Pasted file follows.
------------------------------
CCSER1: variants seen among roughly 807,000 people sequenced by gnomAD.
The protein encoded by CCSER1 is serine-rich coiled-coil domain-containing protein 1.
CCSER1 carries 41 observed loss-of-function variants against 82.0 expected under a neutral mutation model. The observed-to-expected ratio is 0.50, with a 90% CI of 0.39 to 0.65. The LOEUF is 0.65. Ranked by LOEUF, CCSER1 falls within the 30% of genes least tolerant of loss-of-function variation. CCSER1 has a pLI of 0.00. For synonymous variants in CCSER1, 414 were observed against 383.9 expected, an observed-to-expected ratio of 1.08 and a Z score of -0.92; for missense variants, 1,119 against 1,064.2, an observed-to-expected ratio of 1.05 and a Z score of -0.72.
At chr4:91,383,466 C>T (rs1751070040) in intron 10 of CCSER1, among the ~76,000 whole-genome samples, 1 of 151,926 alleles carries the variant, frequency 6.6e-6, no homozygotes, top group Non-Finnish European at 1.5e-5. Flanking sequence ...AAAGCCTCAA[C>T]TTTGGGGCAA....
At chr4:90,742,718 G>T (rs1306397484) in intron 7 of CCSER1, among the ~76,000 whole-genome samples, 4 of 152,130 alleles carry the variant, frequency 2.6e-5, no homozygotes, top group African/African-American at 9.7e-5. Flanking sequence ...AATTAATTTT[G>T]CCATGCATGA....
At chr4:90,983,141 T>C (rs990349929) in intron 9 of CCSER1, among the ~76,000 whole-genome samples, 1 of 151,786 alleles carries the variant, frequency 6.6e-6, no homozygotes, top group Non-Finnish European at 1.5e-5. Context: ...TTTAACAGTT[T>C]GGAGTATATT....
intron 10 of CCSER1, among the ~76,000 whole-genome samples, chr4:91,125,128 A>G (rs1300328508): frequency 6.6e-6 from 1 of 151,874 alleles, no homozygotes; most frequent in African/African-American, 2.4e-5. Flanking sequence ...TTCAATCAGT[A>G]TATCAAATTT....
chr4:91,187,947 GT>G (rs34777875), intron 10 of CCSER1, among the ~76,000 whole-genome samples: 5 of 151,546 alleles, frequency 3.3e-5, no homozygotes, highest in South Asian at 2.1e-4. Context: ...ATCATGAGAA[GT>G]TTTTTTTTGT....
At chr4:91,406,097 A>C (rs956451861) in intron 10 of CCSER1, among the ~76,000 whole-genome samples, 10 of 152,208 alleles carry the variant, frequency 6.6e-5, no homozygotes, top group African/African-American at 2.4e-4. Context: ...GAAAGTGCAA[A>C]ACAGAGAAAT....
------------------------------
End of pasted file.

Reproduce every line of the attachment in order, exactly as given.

CCSER1: variants seen among roughly 807,000 people sequenced by gnomAD.
The protein encoded by CCSER1 is serine-rich coiled-coil domain-containing protein 1.
CCSER1 carries 41 observed loss-of-function variants against 82.0 expected under a neutral mutation model. The observed-to-expected ratio is 0.50, with a 90% CI of 0.39 to 0.65. The LOEUF is 0.65. Ranked by LOEUF, CCSER1 falls within the 30% of genes least tolerant of loss-of-function variation. CCSER1 has a pLI of 0.00. For synonymous variants in CCSER1, 414 were observed against 383.9 expected, an observed-to-expected ratio of 1.08 and a Z score of -0.92; for missense variants, 1,119 against 1,064.2, an observed-to-expected ratio of 1.05 and a Z score of -0.72.
At chr4:91,383,466 C>T (rs1751070040) in intron 10 of CCSER1, among the ~76,000 whole-genome samples, 1 of 151,926 alleles carries the variant, frequency 6.6e-6, no homozygotes, top group Non-Finnish European at 1.5e-5. Flanking sequence ...AAAGCCTCAA[C>T]TTTGGGGCAA....
At chr4:90,742,718 G>T (rs1306397484) in intron 7 of CCSER1, among the ~76,000 whole-genome samples, 4 of 152,130 alleles carry the variant, frequency 2.6e-5, no homozygotes, top group African/African-American at 9.7e-5. Flanking sequence ...AATTAATTTT[G>T]CCATGCATGA....
At chr4:90,983,141 T>C (rs990349929) in intron 9 of CCSER1, among the ~76,000 whole-genome samples, 1 of 151,786 alleles carries the variant, frequency 6.6e-6, no homozygotes, top group Non-Finnish European at 1.5e-5. Context: ...TTTAACAGTT[T>C]GGAGTATATT....
intron 10 of CCSER1, among the ~76,000 whole-genome samples, chr4:91,125,128 A>G (rs1300328508): frequency 6.6e-6 from 1 of 151,874 alleles, no homozygotes; most frequent in African/African-American, 2.4e-5. Flanking sequence ...TTCAATCAGT[A>G]TATCAAATTT....
chr4:91,187,947 GT>G (rs34777875), intron 10 of CCSER1, among the ~76,000 whole-genome samples: 5 of 151,546 alleles, frequency 3.3e-5, no homozygotes, highest in South Asian at 2.1e-4. Context: ...ATCATGAGAA[GT>G]TTTTTTTTGT....
At chr4:91,406,097 A>C (rs956451861) in intron 10 of CCSER1, among the ~76,000 whole-genome samples, 10 of 152,208 alleles carry the variant, frequency 6.6e-5, no homozygotes, top group African/African-American at 2.4e-4. Context: ...GAAAGTGCAA[A>C]ACAGAGAAAT....